Lithium Battery: The V1 uses a battery that is different from those used in my Godox 860 flashes. I understand that the new battery gives the flash a shorter recycle time. The flash itself has a novel doorless compartment where the battery slides into, and out of, the flash body.

Fast Recycle Time: When set to full power manual output, the V1 recycles in 1.5 seconds, a feat unmatched by any other flash or speedlight that I currently own.

Zoom Head: The beam spread is adjustable from 28mm to 105 mm. There is an Auto setting that will automatically adjust the beam angle to the match the lens focal length.

V1: Head zoomed to 28mm                      V1: Head  zoomed to 28mm                     V1 Headzoomed to 35mm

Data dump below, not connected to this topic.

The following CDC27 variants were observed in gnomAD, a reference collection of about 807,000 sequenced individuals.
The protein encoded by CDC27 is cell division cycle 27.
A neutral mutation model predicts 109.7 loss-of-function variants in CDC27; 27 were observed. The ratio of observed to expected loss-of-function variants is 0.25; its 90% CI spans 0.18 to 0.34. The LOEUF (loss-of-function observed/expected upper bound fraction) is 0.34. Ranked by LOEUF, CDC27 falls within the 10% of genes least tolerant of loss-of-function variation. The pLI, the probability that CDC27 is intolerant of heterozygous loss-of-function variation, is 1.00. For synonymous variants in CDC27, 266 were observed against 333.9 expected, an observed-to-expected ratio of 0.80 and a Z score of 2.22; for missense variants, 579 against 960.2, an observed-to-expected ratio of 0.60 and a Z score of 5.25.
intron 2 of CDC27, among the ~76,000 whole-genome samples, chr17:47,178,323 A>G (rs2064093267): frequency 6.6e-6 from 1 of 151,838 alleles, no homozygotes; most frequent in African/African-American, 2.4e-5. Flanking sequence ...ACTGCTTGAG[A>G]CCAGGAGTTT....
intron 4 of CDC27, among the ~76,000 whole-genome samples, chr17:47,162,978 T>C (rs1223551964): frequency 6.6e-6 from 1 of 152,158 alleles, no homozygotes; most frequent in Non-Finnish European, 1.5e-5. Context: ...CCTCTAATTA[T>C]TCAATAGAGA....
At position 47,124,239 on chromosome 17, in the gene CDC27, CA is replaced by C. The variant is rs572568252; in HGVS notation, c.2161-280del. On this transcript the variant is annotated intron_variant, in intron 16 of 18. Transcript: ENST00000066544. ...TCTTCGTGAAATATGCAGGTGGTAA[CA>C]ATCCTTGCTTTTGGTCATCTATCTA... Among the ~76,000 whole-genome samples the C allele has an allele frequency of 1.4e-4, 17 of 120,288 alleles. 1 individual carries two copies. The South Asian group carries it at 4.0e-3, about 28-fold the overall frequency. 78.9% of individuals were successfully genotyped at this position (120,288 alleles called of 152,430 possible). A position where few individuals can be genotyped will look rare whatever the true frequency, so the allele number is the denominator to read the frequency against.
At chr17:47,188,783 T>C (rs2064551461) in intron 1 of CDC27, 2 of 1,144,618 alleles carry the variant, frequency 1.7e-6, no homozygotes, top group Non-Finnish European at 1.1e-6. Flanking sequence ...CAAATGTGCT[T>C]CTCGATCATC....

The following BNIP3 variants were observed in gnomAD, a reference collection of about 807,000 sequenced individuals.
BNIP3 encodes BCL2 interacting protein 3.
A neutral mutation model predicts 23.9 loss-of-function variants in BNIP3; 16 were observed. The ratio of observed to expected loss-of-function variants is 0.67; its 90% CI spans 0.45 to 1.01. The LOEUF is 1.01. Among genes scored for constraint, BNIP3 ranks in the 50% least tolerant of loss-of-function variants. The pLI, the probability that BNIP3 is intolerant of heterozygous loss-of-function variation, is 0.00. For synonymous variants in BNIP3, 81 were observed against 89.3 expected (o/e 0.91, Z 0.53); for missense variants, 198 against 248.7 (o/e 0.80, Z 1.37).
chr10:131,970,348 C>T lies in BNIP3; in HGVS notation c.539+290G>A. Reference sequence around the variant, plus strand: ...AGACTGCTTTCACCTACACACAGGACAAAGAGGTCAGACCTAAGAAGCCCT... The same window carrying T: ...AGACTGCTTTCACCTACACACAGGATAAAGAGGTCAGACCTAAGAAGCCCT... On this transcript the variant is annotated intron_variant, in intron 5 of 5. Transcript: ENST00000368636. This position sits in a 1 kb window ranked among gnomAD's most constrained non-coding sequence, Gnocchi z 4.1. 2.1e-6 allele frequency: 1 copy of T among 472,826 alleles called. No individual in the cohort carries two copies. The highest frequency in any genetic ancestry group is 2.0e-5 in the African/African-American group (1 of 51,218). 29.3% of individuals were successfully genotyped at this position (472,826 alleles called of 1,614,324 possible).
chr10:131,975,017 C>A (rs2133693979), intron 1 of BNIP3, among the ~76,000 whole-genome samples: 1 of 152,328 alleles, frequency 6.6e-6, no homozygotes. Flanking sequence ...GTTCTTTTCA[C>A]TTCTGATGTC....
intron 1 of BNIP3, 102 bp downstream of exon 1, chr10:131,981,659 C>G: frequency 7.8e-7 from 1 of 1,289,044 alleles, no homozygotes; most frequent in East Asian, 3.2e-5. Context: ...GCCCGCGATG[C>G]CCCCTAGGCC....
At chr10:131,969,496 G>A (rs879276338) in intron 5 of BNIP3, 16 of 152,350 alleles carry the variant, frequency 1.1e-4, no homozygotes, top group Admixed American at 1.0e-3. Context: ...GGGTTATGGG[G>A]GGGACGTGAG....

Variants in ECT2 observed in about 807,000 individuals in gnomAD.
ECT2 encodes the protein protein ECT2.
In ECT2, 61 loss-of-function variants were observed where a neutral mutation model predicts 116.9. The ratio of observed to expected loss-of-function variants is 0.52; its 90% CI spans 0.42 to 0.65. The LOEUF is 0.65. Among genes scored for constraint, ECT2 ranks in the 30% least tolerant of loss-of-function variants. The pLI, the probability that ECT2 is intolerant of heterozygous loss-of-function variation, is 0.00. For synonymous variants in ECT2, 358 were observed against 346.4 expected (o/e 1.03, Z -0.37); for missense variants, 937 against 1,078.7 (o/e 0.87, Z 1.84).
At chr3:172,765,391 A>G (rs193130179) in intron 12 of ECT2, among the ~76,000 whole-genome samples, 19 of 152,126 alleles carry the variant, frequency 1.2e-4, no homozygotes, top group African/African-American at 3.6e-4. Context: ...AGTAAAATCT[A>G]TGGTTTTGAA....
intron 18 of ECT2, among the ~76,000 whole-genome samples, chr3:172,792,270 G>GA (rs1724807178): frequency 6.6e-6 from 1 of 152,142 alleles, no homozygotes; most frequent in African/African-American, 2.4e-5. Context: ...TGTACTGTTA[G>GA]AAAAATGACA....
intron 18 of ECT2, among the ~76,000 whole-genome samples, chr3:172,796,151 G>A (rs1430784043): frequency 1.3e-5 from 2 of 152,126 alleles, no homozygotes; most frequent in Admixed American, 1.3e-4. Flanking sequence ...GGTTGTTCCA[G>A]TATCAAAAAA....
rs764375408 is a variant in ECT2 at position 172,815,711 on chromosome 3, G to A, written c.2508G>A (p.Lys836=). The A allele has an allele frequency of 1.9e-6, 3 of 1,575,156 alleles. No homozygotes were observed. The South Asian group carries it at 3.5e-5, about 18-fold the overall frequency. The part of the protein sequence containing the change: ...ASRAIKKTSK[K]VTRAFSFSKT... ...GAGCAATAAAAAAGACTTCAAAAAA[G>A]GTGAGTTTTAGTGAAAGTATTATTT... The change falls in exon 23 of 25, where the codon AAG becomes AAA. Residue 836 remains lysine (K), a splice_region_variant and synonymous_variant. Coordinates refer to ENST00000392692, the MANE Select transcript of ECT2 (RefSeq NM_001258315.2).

Camera Lens at 20mm                              Camera Lens at 28mm                            Camera Lens at 35mm

Light Distribution: Check out these beam samples. The lighting is even, with no discernible hot spots in the center. This is typical for parabolic reflectors, and the main reason for the popularity of the Armatar conversions for Vivitar flashes.

To test the coverage, I mounted the flash on a D700 full-frame body and used a 20-35mm 2.8 Nikkor. Shooting distance was about two feet from a blank wall. The shoe-mounted V1 was set to Auto Zoom. The first frame shows the falloff when the lens focal length is shorter than the flash's minimum setting of 28mm. In the second frame both lens and flash are set to 28mm. The third from shows a 35mm/35mm pairing.

Standard Head zoomed to 20mm          Standard Head zoomed to 28mm          Standard Head zoomed to 35mm
Camera Lens at 20mm                          Camera Lens at 28mm                               Camera Lens at 35mm